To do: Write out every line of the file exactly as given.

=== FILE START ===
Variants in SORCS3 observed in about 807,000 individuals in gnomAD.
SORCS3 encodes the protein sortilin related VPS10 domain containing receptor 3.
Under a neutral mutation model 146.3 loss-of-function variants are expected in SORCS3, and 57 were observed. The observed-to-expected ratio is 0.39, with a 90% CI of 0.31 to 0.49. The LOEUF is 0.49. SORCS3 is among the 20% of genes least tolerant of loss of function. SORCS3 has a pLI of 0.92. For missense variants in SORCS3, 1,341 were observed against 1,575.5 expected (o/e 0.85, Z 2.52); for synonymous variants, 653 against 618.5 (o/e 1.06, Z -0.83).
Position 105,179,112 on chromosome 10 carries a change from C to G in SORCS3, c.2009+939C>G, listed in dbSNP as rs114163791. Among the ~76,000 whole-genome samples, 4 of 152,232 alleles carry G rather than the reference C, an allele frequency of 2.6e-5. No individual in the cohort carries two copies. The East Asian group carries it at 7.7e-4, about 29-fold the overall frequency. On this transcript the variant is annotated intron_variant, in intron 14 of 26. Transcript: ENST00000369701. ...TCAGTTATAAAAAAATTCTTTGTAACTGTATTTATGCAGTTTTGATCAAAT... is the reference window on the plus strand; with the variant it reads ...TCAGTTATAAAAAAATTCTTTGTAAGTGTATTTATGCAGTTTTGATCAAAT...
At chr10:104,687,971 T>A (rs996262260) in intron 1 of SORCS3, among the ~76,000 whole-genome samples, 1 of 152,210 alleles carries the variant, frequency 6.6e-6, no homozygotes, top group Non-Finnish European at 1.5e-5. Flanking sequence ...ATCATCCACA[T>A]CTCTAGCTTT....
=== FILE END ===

Variants in SORCS3 observed in about 807,000 individuals in gnomAD.
SORCS3 encodes the protein sortilin related VPS10 domain containing receptor 3.
Under a neutral mutation model 146.3 loss-of-function variants are expected in SORCS3, and 57 were observed. The observed-to-expected ratio is 0.39, with a 90% CI of 0.31 to 0.49. The LOEUF is 0.49. SORCS3 is among the 20% of genes least tolerant of loss of function. SORCS3 has a pLI of 0.92. For missense variants in SORCS3, 1,341 were observed against 1,575.5 expected (o/e 0.85, Z 2.52); for synonymous variants, 653 against 618.5 (o/e 1.06, Z -0.83).
Position 105,179,112 on chromosome 10 carries a change from C to G in SORCS3, c.2009+939C>G, listed in dbSNP as rs114163791. Among the ~76,000 whole-genome samples, 4 of 152,232 alleles carry G rather than the reference C, an allele frequency of 2.6e-5. No individual in the cohort carries two copies. The East Asian group carries it at 7.7e-4, about 29-fold the overall frequency. On this transcript the variant is annotated intron_variant, in intron 14 of 26. Transcript: ENST00000369701. ...TCAGTTATAAAAAAATTCTTTGTAACTGTATTTATGCAGTTTTGATCAAAT... is the reference window on the plus strand; with the variant it reads ...TCAGTTATAAAAAAATTCTTTGTAAGTGTATTTATGCAGTTTTGATCAAAT...
At chr10:104,687,971 T>A (rs996262260) in intron 1 of SORCS3, among the ~76,000 whole-genome samples, 1 of 152,210 alleles carries the variant, frequency 6.6e-6, no homozygotes, top group Non-Finnish European at 1.5e-5. Flanking sequence ...ATCATCCACA[T>A]CTCTAGCTTT....